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Reconciliation Legislation Addresses Education Issues Update

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This week Congress passed health-care legislation and its version of H.R. 4872, the Health Care and Education Affordability Reconciliation Bill of 2010.  H.R. 4872 contains health-care legislation fixes and the Student Aid and Fiscal Responsibility Act (SAFRA). The House passed the reconciliation bill by a vote of 220-211.  Democrats are describing this legislation as the single largest investment in higher education ever – which will go a long way towards ensuring that the U.S. leads the world in college graduates by 2020.

The reconciliation bill eliminates the Federal Family Education Loan (FFEL) program and moves all federal student loans into the Direct Loan program. Colleges participating in federal student loans will need to move to the Direct Loan program by July 1, 2010.

Through the conversion to the Direct Loan program, the bill creates $61 billion in savings.  Of the $61 billion the government expects to save by cutting subsidies to banks for student loans, $36 billion will go to Pell grants.  The legislation also allocates $2.5 billion to historically black colleges, $2 billion to community colleges and at least $10 billion to reduce the federal deficit.

The student aid reform included in the reconciliation bill passed by the House was a leaner version of SAFRA.  Democrats had to revise the bill when the Congressional Budget Office showed that expected savings from the elimination of the FFEL program were lower than previously estimated and eliminated the proposal of several new programs to comply with procedural requirements in the Senate.

If SAFRA was not passed the shortfall in the Pell Grant program (created by sharp increase in students during the recession) would have necessitated cutting a half a million students from the program.  The remaining students in the program would have had their grants cut by 60 percent.

Provisions of Importance to CCA Members in the Reconciliation bill:
·        The legislation excludes the Andrews/Souder 90/10 language that was contained in the House-passed version of SAFRA.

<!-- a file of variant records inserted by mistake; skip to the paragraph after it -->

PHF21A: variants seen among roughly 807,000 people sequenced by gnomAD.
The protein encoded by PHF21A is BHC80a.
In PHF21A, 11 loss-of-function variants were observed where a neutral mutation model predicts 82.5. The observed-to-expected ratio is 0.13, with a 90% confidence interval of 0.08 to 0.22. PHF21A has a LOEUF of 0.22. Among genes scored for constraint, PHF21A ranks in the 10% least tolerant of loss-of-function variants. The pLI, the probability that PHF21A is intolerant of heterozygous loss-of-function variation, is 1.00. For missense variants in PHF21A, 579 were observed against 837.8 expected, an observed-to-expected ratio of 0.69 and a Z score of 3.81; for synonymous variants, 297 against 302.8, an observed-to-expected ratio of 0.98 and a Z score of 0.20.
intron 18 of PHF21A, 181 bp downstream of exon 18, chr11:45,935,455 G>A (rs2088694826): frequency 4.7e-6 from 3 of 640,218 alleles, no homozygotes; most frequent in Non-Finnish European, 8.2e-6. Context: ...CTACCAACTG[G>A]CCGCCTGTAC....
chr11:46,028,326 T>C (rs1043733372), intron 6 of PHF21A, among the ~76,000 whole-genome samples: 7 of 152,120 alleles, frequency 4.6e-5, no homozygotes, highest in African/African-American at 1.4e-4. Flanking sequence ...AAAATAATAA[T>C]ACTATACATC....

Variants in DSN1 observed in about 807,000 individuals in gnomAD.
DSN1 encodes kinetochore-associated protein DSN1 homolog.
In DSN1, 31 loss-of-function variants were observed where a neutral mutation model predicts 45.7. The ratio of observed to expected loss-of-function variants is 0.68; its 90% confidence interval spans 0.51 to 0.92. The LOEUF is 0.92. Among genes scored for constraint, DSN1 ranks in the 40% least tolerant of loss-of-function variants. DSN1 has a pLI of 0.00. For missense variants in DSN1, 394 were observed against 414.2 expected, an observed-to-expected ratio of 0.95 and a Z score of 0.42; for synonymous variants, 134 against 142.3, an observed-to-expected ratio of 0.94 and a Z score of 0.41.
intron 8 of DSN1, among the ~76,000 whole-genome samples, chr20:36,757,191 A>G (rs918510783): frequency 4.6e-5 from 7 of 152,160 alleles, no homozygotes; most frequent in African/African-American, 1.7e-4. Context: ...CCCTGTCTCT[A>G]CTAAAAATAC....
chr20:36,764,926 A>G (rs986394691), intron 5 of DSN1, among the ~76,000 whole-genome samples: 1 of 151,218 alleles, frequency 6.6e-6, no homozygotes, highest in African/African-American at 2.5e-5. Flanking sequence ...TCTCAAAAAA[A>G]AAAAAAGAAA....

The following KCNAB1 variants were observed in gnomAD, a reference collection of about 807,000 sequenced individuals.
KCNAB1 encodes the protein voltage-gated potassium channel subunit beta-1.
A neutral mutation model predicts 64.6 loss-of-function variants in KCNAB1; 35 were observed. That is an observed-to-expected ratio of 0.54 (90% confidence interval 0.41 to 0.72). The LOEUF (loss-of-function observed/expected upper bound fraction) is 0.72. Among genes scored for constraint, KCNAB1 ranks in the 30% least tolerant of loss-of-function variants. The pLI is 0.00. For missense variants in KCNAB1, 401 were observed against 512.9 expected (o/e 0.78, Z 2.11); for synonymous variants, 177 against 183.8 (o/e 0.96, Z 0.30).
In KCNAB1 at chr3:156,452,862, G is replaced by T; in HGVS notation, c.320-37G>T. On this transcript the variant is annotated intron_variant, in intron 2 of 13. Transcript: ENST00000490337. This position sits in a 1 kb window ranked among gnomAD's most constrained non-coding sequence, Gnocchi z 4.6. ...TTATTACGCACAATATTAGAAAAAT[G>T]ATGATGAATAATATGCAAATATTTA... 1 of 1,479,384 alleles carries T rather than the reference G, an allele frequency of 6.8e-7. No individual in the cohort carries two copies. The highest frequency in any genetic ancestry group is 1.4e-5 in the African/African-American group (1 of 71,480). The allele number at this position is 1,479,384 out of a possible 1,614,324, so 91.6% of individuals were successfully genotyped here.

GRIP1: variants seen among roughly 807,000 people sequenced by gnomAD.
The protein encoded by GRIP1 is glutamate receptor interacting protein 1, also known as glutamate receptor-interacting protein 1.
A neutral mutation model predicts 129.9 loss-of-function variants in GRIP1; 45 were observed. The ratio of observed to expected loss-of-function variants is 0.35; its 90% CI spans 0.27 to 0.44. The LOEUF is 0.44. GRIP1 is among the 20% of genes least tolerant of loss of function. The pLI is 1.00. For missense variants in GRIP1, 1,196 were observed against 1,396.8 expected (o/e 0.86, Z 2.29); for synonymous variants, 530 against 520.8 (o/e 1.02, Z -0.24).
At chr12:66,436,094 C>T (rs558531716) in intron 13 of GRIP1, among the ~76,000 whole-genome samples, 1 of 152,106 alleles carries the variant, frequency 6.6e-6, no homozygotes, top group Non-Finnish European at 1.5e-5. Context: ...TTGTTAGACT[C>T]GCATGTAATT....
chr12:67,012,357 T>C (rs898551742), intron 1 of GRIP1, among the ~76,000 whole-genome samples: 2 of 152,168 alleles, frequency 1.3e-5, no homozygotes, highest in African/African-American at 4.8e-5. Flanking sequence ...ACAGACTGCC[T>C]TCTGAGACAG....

·        The bill eliminates the proposed newly structured Perkins program (meaning that the program continues to function under existing law without change) and eliminates new community college funding that was contained in the House-passed version of SAFRA.

·        The bill invests $36 billion over 10 years to increase the maximum annual Pell Grant scholarship to $5,550 in 2010 and to $5,975 by 2017, which is less than the $6,900 maximum in the original House version of SAFRA. Starting in 2013, the scholarship will be linked to match rising costs-of-living by indexing it to the Consumer Price Index.

·        The bill includes an investment of $13.6 billion to fund a shortfall in the Pell Grant scholarship program due to increased demand for the scholarship, leaving a $5.5 billion shortfall.

·        The legislation invests $2 billion ($500 million in FY 2011-FY 2014) for Community College and Career Training Grants for eligible institutions of higher education as defined in section 102 of the Higher Education Act of 1965 (20 U.S.C. 1002) for programs offered by such institution that can be completed in not more than 2 years. This is significant expansion of this grant program. The stimulus bill only contained $90 million total for FY 2009-FY 2011 for these grants. Each state must receive no less than .5% of appropriated annual funding for these grants and statutory limits pertaining to maximum grant award and number of grants per eligible institution are waived for the funding period.

Four major provisions that were a part of the original House-passed SAFRA were not included in the student aid legislation included in the House version of the reconciliation bill:

·        The Obama Administration’s proposal to revise the Perkins Loan Program

·        A provision to lower interest rates on student loans

·        Funding for Obama’s American Graduation Initiative to help community colleges graduate five million more students by 2020.

·        $2.5 billion for a new College Access and Completion Fund

Once we have a final Senate-passed reconciliation bill CCA staff will provide our membership with a comparison of the original House version of SAFRA vs. the enacted legislation.

Information provided by the CCA

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